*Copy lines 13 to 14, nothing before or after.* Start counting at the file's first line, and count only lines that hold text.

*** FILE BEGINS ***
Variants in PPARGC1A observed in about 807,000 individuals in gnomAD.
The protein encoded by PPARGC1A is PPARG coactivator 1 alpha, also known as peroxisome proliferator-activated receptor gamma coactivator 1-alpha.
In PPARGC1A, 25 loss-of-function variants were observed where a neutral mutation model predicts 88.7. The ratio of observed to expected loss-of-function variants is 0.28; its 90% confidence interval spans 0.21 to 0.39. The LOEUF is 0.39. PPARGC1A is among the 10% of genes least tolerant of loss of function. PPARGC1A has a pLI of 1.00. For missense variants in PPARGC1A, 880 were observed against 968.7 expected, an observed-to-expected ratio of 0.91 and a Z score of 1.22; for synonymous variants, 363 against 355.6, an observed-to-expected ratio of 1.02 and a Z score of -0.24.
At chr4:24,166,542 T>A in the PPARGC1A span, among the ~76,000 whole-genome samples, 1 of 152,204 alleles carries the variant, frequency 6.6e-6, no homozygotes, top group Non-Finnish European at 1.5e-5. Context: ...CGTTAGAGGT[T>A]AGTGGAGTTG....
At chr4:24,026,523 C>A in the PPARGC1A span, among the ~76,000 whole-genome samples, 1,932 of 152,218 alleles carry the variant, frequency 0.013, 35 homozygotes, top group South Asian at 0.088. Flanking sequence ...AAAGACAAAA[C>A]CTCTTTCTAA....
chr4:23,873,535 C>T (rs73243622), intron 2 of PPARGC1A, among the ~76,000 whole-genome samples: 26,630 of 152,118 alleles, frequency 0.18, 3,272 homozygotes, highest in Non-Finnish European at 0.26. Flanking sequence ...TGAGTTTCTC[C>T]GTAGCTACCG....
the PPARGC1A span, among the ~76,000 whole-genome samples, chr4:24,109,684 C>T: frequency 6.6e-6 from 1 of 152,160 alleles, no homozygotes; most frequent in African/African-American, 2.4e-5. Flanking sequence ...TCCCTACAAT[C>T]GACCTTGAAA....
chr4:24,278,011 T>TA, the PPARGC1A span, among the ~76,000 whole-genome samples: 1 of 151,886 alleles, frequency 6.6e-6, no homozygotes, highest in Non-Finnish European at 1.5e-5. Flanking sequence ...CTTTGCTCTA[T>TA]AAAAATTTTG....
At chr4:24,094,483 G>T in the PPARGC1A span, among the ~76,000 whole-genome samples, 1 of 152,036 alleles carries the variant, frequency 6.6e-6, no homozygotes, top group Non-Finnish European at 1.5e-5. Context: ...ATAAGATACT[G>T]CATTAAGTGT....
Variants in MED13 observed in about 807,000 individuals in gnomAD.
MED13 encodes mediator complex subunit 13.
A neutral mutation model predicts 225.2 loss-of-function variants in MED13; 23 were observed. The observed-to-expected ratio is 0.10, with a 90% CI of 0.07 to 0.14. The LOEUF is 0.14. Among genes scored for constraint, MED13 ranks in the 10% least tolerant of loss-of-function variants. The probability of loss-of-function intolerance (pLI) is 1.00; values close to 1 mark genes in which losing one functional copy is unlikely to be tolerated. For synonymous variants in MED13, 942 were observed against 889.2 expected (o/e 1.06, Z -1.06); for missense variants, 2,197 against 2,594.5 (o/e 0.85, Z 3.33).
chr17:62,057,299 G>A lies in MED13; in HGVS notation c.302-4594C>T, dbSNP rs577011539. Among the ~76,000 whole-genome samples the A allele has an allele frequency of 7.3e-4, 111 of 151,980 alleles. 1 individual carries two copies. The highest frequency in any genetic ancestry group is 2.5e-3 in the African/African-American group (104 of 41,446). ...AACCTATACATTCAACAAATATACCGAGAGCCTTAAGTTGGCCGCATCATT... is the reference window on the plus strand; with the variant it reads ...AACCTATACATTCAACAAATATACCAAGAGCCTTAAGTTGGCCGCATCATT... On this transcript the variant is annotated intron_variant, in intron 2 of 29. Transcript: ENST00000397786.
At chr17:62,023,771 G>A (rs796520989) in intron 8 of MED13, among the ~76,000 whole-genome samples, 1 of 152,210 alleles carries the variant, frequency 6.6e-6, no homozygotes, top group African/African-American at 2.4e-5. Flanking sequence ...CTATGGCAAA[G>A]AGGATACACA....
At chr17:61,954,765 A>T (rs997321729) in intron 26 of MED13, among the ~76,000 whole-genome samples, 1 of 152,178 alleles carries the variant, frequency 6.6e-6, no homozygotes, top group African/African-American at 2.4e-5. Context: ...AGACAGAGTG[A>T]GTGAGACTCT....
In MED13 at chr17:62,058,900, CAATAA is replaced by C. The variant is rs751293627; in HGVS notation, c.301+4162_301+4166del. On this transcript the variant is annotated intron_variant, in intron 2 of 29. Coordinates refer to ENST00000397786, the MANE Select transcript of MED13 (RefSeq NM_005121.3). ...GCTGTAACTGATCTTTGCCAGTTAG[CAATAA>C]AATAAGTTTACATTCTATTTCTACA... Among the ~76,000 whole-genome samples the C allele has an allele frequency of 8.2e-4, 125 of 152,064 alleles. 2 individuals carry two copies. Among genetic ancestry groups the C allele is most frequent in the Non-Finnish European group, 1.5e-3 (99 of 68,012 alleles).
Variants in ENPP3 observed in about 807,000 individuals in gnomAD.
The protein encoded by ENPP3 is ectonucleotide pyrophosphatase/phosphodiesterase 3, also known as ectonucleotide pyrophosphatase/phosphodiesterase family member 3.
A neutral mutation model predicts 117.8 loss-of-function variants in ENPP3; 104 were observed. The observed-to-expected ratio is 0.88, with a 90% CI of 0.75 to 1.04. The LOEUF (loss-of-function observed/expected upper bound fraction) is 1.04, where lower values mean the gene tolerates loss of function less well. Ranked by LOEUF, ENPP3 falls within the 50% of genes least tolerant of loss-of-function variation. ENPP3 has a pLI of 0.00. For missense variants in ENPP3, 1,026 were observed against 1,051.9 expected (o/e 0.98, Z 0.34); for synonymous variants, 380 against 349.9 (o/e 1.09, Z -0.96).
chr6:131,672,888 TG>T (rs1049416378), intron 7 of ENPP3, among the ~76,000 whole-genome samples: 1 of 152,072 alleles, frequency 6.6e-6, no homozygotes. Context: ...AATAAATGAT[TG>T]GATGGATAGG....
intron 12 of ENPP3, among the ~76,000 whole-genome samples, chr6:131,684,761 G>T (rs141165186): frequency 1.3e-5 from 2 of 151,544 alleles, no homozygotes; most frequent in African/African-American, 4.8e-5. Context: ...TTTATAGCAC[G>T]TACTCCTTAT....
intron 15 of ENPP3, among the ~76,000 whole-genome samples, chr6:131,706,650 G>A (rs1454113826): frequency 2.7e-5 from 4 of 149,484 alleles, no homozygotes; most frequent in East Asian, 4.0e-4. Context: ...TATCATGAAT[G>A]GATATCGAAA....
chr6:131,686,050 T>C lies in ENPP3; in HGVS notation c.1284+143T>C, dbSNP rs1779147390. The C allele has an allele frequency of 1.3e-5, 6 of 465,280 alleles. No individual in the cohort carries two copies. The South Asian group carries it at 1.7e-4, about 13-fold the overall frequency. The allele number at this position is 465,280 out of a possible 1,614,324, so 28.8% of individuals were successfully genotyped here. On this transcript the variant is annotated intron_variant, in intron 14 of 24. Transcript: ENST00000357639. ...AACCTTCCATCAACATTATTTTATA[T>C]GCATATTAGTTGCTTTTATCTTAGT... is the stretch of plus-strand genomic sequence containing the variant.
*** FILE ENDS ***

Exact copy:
chr17:62,057,299 G>A lies in MED13; in HGVS notation c.302-4594C>T, dbSNP rs577011539. Among the ~76,000 whole-genome samples the A allele has an allele frequency of 7.3e-4, 111 of 151,980 alleles. 1 individual carries two copies. The highest frequency in any genetic ancestry group is 2.5e-3 in the African/African-American group (104 of 41,446). ...AACCTATACATTCAACAAATATACCGAGAGCCTTAAGTTGGCCGCATCATT... is the reference window on the plus strand; with the variant it reads ...AACCTATACATTCAACAAATATACCAAGAGCCTTAAGTTGGCCGCATCATT... On this transcript the variant is annotated intron_variant, in intron 2 of 29. Transcript: ENST00000397786.
At chr17:62,023,771 G>A (rs796520989) in intron 8 of MED13, among the ~76,000 whole-genome samples, 1 of 152,210 alleles carries the variant, frequency 6.6e-6, no homozygotes, top group African/African-American at 2.4e-5. Flanking sequence ...CTATGGCAAA[G>A]AGGATACACA....